The point of unclearness is "the beginning of God's creation." We can turn to other passages of God's Word to gain clarity. Specifically, in Colossians 1, which we saw on Sunday is connected to the church at Laodicea, Paul writes:

He is the image of the invisible God, the firstborn of all creation. For by him

all things were created, in heaven and on earth, visible and invisible,

whether thrones or dominions or rulers or authorities—all things were

created through him and for him. And he is before all things, and in him all

things hold together. And he is the head of the body, the church. He is the

beginning, the firstborn from the dead, that in everything he might be

preeminent. For in him all the fullness of God was pleased to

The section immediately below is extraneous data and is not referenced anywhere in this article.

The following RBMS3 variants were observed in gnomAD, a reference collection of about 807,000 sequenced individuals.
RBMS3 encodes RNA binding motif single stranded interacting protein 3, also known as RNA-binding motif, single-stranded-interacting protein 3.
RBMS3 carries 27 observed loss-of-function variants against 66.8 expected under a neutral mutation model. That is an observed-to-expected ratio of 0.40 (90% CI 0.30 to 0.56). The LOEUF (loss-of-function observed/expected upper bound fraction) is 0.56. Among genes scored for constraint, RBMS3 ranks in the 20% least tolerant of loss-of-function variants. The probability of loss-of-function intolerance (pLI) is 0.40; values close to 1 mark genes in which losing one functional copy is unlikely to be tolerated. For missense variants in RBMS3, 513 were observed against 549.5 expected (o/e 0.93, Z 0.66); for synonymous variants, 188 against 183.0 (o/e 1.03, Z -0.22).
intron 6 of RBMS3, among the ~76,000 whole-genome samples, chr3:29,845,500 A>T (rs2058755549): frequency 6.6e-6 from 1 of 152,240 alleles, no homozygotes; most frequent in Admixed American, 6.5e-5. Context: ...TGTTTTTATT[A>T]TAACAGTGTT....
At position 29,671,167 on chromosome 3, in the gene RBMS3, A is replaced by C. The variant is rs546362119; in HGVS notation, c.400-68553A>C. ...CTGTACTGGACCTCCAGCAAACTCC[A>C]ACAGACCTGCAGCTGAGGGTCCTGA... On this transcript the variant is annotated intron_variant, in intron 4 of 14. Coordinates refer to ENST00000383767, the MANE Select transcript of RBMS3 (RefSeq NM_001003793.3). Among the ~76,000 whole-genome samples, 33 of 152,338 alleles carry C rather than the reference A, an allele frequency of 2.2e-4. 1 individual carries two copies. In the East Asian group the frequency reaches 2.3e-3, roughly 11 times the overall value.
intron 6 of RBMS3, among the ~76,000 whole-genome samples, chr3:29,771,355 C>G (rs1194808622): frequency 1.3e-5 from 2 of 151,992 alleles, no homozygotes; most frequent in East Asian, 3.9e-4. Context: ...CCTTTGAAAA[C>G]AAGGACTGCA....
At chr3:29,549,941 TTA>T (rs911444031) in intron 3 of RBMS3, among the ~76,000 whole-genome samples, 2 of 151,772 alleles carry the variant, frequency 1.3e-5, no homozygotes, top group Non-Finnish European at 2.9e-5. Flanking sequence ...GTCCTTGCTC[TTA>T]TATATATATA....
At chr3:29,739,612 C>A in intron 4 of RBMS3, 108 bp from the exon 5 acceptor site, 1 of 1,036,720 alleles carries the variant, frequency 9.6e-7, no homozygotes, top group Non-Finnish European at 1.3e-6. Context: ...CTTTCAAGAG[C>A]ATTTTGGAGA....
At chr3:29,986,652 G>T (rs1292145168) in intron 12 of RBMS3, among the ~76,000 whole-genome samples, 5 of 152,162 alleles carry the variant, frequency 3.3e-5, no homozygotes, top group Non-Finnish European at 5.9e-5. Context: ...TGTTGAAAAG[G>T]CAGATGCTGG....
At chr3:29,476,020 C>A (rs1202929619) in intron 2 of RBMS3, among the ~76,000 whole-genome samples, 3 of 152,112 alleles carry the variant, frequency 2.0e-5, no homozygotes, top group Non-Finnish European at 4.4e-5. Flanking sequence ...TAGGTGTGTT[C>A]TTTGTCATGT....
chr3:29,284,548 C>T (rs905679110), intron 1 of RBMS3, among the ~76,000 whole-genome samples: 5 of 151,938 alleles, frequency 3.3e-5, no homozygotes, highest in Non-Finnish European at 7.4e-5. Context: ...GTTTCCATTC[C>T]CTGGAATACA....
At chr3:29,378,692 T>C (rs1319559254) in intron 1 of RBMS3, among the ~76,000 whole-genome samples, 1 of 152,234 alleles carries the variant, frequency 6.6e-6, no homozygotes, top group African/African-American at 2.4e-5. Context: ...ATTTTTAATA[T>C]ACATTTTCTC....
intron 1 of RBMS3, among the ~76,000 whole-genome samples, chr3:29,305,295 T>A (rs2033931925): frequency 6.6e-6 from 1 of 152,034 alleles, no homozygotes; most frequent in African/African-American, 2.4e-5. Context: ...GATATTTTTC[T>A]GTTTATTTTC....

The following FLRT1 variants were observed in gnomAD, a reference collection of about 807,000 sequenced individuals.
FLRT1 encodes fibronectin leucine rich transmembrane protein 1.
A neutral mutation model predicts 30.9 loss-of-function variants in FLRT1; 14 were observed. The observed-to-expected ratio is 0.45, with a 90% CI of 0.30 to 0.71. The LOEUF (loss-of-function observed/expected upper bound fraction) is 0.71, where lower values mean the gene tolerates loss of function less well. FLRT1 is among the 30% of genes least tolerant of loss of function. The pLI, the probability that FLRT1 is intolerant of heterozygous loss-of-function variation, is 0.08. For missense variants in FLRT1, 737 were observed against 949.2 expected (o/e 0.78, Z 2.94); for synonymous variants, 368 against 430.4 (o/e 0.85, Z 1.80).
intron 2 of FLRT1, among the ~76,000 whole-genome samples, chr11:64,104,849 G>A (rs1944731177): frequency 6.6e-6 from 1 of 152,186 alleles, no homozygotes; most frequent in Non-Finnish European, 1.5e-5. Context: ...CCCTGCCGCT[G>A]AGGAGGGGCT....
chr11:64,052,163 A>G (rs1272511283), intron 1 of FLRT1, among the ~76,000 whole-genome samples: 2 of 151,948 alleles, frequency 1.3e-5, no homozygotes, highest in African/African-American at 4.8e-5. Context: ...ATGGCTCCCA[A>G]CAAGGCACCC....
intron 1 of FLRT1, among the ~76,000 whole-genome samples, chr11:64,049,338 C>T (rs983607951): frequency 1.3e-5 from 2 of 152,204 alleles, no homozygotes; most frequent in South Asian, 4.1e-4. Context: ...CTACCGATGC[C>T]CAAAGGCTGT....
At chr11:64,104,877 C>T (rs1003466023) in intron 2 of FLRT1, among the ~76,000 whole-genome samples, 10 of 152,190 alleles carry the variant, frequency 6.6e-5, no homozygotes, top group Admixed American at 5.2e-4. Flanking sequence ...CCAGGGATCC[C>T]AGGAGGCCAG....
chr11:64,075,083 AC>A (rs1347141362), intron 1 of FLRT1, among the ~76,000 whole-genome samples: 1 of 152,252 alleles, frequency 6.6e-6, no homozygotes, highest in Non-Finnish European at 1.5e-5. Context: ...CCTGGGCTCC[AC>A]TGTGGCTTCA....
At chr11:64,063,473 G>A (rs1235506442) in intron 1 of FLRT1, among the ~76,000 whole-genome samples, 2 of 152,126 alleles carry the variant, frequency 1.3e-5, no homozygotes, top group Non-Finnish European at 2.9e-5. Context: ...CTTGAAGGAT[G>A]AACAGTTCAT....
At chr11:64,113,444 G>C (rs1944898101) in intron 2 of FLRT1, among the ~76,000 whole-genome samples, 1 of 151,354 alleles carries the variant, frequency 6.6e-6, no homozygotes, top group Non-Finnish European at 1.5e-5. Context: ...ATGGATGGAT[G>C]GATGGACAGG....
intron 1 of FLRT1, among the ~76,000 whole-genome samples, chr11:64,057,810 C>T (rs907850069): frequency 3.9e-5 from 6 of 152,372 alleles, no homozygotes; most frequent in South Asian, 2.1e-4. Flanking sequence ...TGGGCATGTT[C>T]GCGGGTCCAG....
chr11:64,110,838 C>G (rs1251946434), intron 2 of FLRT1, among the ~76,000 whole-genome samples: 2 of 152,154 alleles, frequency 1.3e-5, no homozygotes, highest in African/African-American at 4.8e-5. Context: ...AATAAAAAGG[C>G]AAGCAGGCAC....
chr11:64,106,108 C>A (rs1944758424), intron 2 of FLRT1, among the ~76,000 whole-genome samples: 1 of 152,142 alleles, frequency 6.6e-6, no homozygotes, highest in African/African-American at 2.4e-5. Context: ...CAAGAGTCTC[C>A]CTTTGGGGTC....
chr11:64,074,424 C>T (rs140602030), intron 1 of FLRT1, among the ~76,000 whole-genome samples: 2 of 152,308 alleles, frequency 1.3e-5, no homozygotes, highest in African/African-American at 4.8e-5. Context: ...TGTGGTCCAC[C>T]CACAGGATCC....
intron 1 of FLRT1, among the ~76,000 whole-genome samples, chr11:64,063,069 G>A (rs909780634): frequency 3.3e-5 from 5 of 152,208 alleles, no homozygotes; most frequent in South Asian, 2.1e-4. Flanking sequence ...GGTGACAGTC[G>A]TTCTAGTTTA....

dwell, and through him to reconcile to himself all things, whether on earth

or in heaven, making peace by the blood of his cross.

What this boils down to is that Jesus was not the first who was created, but rather, the premier one of all creation.

Jesus is the everything of God. All that God is, Jesus is. He is the Creator. He is the Author of life. So, when it says he is the beginning of God's creation, it means Jesus is the Source of all creation. As John says in chapter one of his gospel, "everything that was made, was made by him, and without him was not anything made that was made.